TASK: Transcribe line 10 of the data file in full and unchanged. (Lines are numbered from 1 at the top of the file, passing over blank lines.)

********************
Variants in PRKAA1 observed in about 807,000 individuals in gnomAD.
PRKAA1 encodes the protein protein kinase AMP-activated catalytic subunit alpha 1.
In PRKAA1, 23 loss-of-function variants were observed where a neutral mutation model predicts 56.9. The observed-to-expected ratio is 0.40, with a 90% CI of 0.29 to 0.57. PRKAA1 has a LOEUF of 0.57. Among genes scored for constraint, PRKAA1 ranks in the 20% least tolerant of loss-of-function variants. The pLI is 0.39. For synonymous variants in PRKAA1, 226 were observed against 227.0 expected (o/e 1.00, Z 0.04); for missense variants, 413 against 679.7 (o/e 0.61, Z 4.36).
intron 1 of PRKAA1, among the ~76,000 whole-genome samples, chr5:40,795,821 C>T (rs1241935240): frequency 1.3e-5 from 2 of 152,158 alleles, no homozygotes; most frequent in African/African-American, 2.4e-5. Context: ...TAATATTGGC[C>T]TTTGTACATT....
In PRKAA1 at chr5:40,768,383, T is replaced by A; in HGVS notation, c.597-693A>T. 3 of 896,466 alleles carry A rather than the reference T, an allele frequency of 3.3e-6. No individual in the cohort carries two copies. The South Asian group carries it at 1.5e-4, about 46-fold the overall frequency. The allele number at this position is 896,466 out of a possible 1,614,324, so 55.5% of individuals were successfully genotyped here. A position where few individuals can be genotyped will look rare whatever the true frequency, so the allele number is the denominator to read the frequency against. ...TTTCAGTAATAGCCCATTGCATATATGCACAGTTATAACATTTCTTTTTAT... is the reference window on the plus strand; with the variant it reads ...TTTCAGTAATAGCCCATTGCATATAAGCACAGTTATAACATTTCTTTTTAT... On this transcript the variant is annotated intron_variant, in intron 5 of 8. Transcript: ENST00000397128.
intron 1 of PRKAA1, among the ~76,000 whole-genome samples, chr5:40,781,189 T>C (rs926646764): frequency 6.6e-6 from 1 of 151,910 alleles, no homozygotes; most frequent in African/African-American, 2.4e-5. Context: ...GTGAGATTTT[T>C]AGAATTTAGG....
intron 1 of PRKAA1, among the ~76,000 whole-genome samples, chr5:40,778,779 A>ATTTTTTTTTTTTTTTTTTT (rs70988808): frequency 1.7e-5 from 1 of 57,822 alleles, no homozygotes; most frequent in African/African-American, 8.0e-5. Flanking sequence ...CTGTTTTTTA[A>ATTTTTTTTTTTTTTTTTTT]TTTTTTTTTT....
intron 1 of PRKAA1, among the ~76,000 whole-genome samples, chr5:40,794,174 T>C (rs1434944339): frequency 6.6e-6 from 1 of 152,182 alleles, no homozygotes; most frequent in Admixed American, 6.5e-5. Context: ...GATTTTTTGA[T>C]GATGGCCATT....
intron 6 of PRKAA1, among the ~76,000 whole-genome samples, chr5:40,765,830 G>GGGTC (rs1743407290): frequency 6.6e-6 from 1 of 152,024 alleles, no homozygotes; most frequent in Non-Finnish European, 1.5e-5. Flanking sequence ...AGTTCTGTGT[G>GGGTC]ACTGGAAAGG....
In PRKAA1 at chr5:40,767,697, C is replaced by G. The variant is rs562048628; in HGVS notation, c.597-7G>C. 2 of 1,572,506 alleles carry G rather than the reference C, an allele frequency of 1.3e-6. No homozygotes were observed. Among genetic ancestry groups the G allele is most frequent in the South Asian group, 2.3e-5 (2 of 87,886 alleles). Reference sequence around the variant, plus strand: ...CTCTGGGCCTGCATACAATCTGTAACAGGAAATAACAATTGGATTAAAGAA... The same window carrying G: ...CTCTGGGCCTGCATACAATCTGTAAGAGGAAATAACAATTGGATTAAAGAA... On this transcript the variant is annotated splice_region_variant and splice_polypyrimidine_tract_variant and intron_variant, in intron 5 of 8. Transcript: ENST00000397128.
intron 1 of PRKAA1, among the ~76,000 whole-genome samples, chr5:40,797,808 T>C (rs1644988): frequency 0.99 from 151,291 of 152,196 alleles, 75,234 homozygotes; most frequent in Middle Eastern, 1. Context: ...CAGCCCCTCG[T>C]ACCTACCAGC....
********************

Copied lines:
In PRKAA1 at chr5:40,767,697, C is replaced by G. The variant is rs562048628; in HGVS notation, c.597-7G>C. 2 of 1,572,506 alleles carry G rather than the reference C, an allele frequency of 1.3e-6. No homozygotes were observed. Among genetic ancestry groups the G allele is most frequent in the South Asian group, 2.3e-5 (2 of 87,886 alleles). Reference sequence around the variant, plus strand: ...CTCTGGGCCTGCATACAATCTGTAACAGGAAATAACAATTGGATTAAAGAA... The same window carrying G: ...CTCTGGGCCTGCATACAATCTGTAAGAGGAAATAACAATTGGATTAAAGAA... On this transcript the variant is annotated splice_region_variant and splice_polypyrimidine_tract_variant and intron_variant, in intron 5 of 8. Transcript: ENST00000397128.